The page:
All of the hundreds of different cell types it takes to make you, each doing dramatically different things, share the exact same cookbook—the same genome. It's like a massive four-star restaurant with every chef using a copy of The Joy of Cooking. Making all those cell types requires the genome to be dog-eared or tabbed—marking genes for reading or silencing.
Embryonic stem cells are made from a few dozen cells in an early embryo before all these markings have been made. Tricking these cells into dividing creates a stem-cell line made of billions of cells that can become any cell type in the body. Each year thousands of extra embryos are created for in-vitro fertilization, only to be destroyed with bleach and dumped down the drain when insurance stops paying for their storage. So why not use these excess embryos to make and then farm a bank of stem-cell lines—one to match every transplantation type? The president, with his towering moral compass, deemed this idea too evil to consider. As a result, scientists have been scrambling to discover an alternative way of making "embryonic" stem cells without destroying an embryo—allowing the saved embryos to be bleached and dumped down the drain, as God apparently desires.
The Holy Grail is to "reprogram" an adult cell by somehow removing all the markings. We can do this with adult cells from a mouse. By putting the nucleus—the genome's home—of an adult cell in an unfertilized egg that has had its half-nucleus removed, the adult cell's genome can be wiped clean enough to make an embryonic stem cell line. Great! Except this technique can also be used for cloning, is horrifically inefficient, and requires a tremendous amount of unfertilized eggs—cells that are expensive to acquire, dangerous to collect, and incredibly delicate.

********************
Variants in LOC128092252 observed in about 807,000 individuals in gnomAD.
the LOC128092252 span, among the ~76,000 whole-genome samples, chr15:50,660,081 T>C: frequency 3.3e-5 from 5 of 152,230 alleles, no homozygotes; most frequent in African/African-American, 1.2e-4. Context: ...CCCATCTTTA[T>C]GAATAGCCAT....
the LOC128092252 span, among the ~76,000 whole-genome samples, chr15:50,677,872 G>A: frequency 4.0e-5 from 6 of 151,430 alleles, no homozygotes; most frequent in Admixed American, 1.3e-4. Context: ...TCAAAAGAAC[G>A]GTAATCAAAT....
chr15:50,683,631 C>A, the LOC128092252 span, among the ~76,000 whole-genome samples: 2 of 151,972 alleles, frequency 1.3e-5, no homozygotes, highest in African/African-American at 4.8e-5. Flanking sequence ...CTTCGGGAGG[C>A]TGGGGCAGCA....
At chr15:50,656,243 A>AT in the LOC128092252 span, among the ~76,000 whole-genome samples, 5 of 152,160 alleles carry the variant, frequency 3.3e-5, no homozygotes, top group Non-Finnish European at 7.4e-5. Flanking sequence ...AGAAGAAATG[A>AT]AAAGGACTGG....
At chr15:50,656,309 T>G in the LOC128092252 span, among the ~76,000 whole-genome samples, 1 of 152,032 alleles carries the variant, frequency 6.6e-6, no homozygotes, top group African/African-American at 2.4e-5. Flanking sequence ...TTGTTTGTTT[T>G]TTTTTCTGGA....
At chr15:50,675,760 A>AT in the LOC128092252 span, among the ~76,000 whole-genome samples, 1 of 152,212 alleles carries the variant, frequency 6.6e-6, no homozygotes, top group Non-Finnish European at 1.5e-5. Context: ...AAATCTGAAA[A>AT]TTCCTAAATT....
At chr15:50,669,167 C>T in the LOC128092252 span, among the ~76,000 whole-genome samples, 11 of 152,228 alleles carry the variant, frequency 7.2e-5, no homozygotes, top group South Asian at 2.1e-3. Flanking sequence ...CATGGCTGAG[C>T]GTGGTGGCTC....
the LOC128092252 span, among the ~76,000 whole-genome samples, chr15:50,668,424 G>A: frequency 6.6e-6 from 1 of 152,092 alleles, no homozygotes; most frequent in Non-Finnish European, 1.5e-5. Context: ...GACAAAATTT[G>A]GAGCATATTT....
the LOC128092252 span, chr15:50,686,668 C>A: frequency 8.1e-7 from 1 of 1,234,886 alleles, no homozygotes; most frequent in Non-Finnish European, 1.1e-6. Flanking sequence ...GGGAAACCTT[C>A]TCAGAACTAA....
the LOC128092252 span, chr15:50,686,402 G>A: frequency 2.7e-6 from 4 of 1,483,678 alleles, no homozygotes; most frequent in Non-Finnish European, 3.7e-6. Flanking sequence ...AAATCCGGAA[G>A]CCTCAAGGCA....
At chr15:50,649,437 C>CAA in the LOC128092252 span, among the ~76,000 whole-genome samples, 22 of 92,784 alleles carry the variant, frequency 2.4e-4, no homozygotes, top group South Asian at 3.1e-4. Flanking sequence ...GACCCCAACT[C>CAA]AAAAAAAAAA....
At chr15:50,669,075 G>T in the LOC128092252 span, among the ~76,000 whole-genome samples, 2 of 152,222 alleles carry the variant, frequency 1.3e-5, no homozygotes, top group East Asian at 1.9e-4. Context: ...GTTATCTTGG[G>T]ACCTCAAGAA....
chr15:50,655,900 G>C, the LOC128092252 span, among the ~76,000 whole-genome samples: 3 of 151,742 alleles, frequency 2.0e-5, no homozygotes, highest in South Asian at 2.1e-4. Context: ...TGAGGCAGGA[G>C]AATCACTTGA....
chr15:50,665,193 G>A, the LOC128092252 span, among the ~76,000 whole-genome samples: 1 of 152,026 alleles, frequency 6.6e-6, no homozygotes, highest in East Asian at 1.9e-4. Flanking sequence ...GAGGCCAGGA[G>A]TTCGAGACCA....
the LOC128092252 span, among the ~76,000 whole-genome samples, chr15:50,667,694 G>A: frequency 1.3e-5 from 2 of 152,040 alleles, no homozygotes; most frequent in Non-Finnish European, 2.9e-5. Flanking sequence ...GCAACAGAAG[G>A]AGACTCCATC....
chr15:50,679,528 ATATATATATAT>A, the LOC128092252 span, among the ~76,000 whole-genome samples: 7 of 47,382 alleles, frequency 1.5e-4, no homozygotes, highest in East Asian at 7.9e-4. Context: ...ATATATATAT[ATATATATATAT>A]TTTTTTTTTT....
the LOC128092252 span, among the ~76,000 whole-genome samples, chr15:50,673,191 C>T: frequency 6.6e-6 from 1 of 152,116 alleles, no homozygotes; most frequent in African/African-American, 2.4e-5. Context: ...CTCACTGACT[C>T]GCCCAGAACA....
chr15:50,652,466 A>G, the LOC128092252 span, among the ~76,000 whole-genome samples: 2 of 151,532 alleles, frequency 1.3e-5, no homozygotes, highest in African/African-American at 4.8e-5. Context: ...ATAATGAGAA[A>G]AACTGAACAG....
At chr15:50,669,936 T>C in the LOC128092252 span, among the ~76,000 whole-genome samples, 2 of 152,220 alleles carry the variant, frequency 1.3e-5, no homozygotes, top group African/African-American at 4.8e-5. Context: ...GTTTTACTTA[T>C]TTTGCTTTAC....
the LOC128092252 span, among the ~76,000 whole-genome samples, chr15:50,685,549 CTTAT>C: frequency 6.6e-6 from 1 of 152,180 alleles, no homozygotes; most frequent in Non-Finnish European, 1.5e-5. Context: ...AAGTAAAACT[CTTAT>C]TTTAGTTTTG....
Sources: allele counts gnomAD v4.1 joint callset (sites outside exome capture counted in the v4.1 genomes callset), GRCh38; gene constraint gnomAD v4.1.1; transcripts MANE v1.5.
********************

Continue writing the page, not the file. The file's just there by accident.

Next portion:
This brings us to three scientific papers that came out this month. Two groups—one in Japan, another at MIT—showed that adult mouse cells can become embryonic stem cell-like after adding four genes, two of which are known cancer-causing genes, and selecting for the rare cell where it worked. Great! Except, would you want cells with two added cancer-causing genes injected into you? The third paper described a way of re-using eggs from in-vitro fertilization that absolutely cannot become a baby—fertilized by two sperm, for example—to reprogram an adult cell's nuclei to be like embryonic stem cells. But will the reusing of doomed embryos still be too morally icky to be accepted?
Most importantly, all of this promising work is in mice. Mice are not little people. It is not clear that adult human cells can be reprogrammed; there is only one hint in all the scientific literature. The tricks that work in mice have failed so far with human cells. Reprogramming human cells is a worthy goal, but we're not as close as you've been led to believe. Expect wild distortions of the mouse work in the future as the human embryonic stem-cell bills are vetoed repeatedly.